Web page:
Canada needs to create a list of essential medicines to help protect against drug shortages, argues an analysis in CMAJ (Canadian Medical Association Journal)
Unlike 117 other member countries of the World Health Organization (WHO), such as Australia, Norway, India and China, Canada has no essential medicines list.
An essential medicines list includes between 200 and 500 medicines that a government commits to keep in stock. The list may include prescription as well as over-the-counter drugs and natural health products.
In Canada, more than 8000 pharmaceutical drugs are licensed for sale.
"Establishing an essential medicines list of perhaps 500 items could go a long way to ensuring availability of at least one drug for each health need encountered in ambulatory and inpatient settings," writes Dr. Jacalyn Duffin, who holds the Hannah Chair, History of Medicine, at Queen's University, Kingston, Ontario, with coauthors.
Drug shortages, which can have serious consequences, may still occur, despite having an essential medicines list because global shortages can limit supplies. Identifying important medicines and working globally to improve availability and plan for contingencies can help governments avoid, or mitigate, shortages.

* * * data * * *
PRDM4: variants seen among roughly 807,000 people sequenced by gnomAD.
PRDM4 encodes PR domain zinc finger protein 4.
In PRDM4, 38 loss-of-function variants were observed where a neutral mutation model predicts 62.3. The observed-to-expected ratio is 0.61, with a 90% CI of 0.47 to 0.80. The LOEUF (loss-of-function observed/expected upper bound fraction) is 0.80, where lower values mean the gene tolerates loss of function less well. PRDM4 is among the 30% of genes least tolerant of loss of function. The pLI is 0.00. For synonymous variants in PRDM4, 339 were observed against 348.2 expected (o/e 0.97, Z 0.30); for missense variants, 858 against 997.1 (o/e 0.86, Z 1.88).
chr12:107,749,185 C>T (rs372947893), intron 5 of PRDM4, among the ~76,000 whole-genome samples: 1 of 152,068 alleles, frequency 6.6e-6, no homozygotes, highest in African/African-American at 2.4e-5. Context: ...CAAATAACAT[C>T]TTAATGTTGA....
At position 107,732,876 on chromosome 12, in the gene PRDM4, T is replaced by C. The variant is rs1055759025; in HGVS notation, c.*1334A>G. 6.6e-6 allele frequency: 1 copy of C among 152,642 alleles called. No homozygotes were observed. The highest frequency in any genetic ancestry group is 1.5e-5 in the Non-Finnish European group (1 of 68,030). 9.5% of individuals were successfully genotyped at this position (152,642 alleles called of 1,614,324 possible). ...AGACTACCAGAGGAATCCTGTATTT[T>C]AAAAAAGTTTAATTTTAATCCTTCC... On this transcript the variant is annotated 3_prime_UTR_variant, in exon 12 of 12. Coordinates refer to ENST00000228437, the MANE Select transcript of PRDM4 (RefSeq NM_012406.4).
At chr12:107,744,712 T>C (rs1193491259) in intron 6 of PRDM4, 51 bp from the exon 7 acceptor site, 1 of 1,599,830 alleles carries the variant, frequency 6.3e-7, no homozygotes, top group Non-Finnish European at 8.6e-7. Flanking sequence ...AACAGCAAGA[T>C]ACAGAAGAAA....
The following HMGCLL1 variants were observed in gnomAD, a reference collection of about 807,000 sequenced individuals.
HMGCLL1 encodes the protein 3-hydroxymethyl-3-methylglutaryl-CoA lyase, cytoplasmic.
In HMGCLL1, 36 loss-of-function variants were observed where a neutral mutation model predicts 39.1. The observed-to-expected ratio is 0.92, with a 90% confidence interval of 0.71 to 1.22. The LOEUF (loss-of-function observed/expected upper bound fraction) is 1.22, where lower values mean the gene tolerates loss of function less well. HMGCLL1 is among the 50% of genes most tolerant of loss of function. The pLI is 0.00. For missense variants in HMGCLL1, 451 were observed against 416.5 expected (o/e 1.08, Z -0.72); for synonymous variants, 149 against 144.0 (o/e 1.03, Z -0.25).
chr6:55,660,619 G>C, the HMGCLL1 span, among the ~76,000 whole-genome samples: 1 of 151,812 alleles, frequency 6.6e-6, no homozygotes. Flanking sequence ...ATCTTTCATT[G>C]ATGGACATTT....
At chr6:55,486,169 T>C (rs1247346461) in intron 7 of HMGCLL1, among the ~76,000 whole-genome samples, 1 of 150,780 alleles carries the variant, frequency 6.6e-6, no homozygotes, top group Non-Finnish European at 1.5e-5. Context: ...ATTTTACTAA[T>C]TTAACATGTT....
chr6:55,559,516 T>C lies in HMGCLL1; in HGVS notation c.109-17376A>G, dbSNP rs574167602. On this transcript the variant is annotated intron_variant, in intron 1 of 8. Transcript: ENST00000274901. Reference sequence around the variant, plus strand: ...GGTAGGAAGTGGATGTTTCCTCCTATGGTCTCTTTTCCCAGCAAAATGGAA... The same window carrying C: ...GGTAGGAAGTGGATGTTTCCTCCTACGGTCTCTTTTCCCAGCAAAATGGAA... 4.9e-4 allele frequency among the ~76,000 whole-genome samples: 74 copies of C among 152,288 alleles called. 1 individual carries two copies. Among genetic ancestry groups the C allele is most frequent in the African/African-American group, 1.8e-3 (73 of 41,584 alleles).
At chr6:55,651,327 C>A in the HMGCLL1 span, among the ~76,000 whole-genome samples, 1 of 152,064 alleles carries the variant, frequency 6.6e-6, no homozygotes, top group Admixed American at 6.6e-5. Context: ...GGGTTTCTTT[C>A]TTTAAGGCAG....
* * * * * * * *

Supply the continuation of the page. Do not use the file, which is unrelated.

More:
The authors also suggest that an essential medicines list could be part of a national pharmacare program in Canada because it could help identify medications that must be funded as part of a plan.
"An essential medicines list, by itself, cannot solve the problem of shortages," write the authors. "Strong political action is needed to support creation of a Canadian essential medicines list both as a way to support national pharmacare and to support coordinated global efforts to mitigate drug shortages."